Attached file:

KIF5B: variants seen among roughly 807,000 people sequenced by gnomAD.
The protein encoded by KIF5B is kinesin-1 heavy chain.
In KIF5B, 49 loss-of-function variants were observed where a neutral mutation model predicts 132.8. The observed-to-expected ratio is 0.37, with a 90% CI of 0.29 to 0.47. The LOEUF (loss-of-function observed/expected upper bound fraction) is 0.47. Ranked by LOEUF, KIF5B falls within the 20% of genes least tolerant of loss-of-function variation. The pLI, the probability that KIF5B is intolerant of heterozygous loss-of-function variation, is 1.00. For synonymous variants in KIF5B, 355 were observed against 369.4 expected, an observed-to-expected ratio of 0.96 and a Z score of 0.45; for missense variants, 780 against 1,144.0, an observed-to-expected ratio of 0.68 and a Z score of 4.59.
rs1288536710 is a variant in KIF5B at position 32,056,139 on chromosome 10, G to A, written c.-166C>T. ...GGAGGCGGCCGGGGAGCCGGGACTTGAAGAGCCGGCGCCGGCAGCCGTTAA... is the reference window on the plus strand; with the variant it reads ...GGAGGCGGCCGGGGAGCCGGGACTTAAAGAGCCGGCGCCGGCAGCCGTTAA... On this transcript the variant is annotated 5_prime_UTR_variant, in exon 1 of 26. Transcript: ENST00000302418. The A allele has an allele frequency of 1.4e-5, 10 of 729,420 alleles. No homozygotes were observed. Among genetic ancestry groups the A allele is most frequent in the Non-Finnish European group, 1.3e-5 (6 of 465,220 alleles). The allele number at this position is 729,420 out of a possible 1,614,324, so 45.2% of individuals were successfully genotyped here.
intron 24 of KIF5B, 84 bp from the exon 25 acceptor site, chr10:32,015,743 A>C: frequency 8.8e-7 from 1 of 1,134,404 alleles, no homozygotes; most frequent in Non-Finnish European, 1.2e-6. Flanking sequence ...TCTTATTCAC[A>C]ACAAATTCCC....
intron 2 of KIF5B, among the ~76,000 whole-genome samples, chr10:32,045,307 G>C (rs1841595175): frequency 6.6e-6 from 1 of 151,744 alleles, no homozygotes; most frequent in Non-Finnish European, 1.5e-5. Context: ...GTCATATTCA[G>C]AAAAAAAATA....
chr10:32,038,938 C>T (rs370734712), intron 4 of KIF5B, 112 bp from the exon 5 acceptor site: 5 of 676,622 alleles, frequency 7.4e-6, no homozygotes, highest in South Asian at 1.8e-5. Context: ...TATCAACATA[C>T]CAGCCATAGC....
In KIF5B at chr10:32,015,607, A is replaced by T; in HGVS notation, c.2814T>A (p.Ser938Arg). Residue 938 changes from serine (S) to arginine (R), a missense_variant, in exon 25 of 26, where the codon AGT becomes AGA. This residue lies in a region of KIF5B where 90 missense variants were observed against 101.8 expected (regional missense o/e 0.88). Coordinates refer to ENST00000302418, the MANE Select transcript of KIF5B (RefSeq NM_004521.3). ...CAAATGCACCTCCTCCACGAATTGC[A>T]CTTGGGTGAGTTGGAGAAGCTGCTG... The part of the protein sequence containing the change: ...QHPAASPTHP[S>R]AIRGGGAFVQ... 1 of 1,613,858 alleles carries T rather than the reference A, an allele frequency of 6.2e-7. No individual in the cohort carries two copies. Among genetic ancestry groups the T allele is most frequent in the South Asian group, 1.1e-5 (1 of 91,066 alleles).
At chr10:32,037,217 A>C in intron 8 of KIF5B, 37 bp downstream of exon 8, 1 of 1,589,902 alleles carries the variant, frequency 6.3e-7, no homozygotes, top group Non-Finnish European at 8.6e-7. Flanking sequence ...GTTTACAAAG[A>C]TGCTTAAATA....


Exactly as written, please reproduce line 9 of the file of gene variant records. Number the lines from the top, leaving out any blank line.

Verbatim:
At chr10:32,037,217 A>C in intron 8 of KIF5B, 37 bp downstream of exon 8, 1 of 1,589,902 alleles carries the variant, frequency 6.3e-7, no homozygotes, top group Non-Finnish European at 8.6e-7. Flanking sequence ...GTTTACAAAG[A>C]TGCTTAAATA....